As Patagonia announced, Main Street braces for change
Julianne Rosen-Carone was saddened this spring when the rising cost of rent forced her to close down Rocky Mountain Christmas, which had brought holiday cheer to Main Street for more than 30 years.
Even so, she remained optimistic. She kept the business alive online and vowed to keep searching for a new location in Park City’s historic district. Nearly five months later, though, her efforts have proven fruitless and a disappointing reality has set in: Main Street, she said, is out of her price range.
“The rents aren’t going down,” she said. “If anything, they’re going higher up. And at some point, it’s just not financially feasible.”
Rosen-Carone is not alone. Increasingly, business owners have been forced to confront their worries that they, too, will be pushed off Main Street. Those fears have been exacerbated as big brands have continued popping up with storefronts along the street.
And another one is coming: Vail Resorts announced last week that it intends to open a Patagonia store this winter at the corner of Main Street and Heber Avenue, in the former Silver Queen Hotel building. It will be the second chain-branded store the resort giant has opened on Main Street since acquiring Park City Mountain Resort in 2014. It opened The North Face last winter at 515 Main St.
Andy Beerman, a Park City councilor and owner of the Treasure Mountain Inn on Main Street, said he is a fan of Patagonia’s products and the company’s environmental efforts. But he worries about the effect the new store, and those like it, can have on Main Street.
“Their arrival adds to my growing concern over franchises and national brands on Main Street,” he said in an email response to The Park Record. “Mom-and-pop businesses are disappearing and being replaced by these ‘branding shops’ that serve as high-profile billboards. Not long ago, you could compare and purchase your outdoor clothing at White Pine (Touring) or Jans (Mountain Outfitters) on Main Street. Now they have been replaced by concepts stores for Marmot, The North Face, Kühl and Patagonia. This is a disturbing trend which could threaten our unique character.”
One of the primary factors business owners cite in their arguments against chain stores is that they force up the cost of rent, paying prices that are tough for local merchants to afford. The numbers don’t indicate whether the big brands are, in fact, driving up rent, but one thing is for sure: prices are increasing.
According to figures from the real estate firm Cushman & Wakefield, retail space in Summit County went for an average of more than $55 per square foot during the second quarter of 2016, up from roughly $40 during the same period in 2015, and some spaces along Main Street have gone for nearly $100 per square foot. Meanwhile, the retail vacancy rate dropped to 3 percent, down from 4.6 percent in 2014.
If those trends continue, more local merchants could be squeezed off Main Street as their leases expire in the coming years, Rosen-Carone said.
“Being a seasonal shop myself, I obviously got impacted by it a lot sooner,” she said. “I think the other businesses are going to be in the same boat coming down the road. I’ve heard from several other locally owned business owners that if something doesn’t change, it doesn’t make sense (to stay open) anymore.”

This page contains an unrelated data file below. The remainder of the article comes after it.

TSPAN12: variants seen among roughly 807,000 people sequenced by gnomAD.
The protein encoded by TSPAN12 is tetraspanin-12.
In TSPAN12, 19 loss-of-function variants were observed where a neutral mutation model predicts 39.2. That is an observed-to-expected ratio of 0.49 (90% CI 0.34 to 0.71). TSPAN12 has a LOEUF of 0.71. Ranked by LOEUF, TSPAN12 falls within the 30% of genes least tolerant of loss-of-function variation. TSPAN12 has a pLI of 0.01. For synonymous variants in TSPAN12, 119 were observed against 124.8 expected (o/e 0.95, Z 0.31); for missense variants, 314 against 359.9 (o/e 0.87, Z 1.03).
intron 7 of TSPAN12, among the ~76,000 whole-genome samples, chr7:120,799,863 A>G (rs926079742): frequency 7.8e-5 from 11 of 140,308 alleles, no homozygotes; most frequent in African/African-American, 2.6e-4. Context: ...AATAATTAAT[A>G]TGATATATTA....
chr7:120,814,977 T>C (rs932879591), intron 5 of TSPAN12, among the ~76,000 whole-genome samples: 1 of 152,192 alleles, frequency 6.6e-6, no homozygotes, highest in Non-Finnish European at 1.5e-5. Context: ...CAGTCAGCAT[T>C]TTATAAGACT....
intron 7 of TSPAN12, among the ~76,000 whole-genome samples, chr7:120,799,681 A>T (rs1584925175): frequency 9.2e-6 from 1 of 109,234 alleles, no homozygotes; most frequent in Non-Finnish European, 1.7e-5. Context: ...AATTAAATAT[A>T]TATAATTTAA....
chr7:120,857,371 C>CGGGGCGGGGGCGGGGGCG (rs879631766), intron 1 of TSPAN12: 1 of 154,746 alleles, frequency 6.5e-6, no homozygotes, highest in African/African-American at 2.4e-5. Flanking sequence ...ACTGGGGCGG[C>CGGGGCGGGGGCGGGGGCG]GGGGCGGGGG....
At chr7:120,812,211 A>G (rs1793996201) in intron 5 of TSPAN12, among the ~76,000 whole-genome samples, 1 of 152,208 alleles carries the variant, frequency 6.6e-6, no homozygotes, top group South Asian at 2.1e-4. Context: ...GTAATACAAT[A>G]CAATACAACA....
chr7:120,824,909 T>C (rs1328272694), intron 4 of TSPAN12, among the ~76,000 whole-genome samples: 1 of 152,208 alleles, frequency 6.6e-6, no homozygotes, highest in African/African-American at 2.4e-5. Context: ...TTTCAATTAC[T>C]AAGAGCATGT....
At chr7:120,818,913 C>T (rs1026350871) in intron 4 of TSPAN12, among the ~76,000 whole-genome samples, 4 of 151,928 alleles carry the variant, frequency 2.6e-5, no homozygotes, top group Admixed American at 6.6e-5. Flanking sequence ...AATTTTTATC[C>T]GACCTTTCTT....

Bill Rock, chief operating officer of Park City Mountain Resort, was skeptical of the idea that Parkites, and business owners, will experience any negative effects from Patagonia’s opening. He said the brand complements the Main Street atmosphere, calling the store a fit for “our culture here.”
He reiterated a common refrain from Vail Resorts — that the company values Park City for its unique characteristics — and added that the store will be a boon for Main Street in one big way. It will give life to a building that has sat vacant for three years in one of the street’s most prominent locations.
“It will add to the vibrancy and stability on Main Street,” he said. “It’s important for us to help preserve the history of Main Street and be a good partner there. … To have a year-round store, no matter what the concept is, would be better than a vacant store. We’re happy to be able to do that.”
Rock also said having brands such as Patagonia and The North Face on Main Street elevates the vacation experience for visitors. And even those concerned about the chain stores have admitted that the brands don’t feel out of place in a mountain town like Park City.
But Rosen-Carone questioned how much that matters. Main Street is special, she said, not because vacationers can find some of their favorite big brands, but because it offers stores and products they can’t get anywhere else. She believes that distinction is disappearing and will continue to evaporate.
“It was that local talent of the owners buying products for their businesses and bringing a creative, unique flair,” she said. “The stores were fun to go into because the shop owners were there and creating a design and atmosphere that represented Park City. The more of those stores that go away, and the more corporate stores that come in, it’s going to feel like a shopping mall in any town.”
With leases that last for longer than five years rare on Main Street, Rosen-Carone fears that the day when mom-and-pop stores will be outnumbered is coming quickly. The best way to prevent that from happening, she said, is for Parkites to show their support by patronizing those businesses.
“If locals want to keep the local stores around and keep these businesses intact,” she said, “They have to support them. Having that local support for small businesses is the only thing that can happen.”
Deer Valley Resort hired Jamo O’Reilly as the director of lodging operations to oversee its more than 450 residences.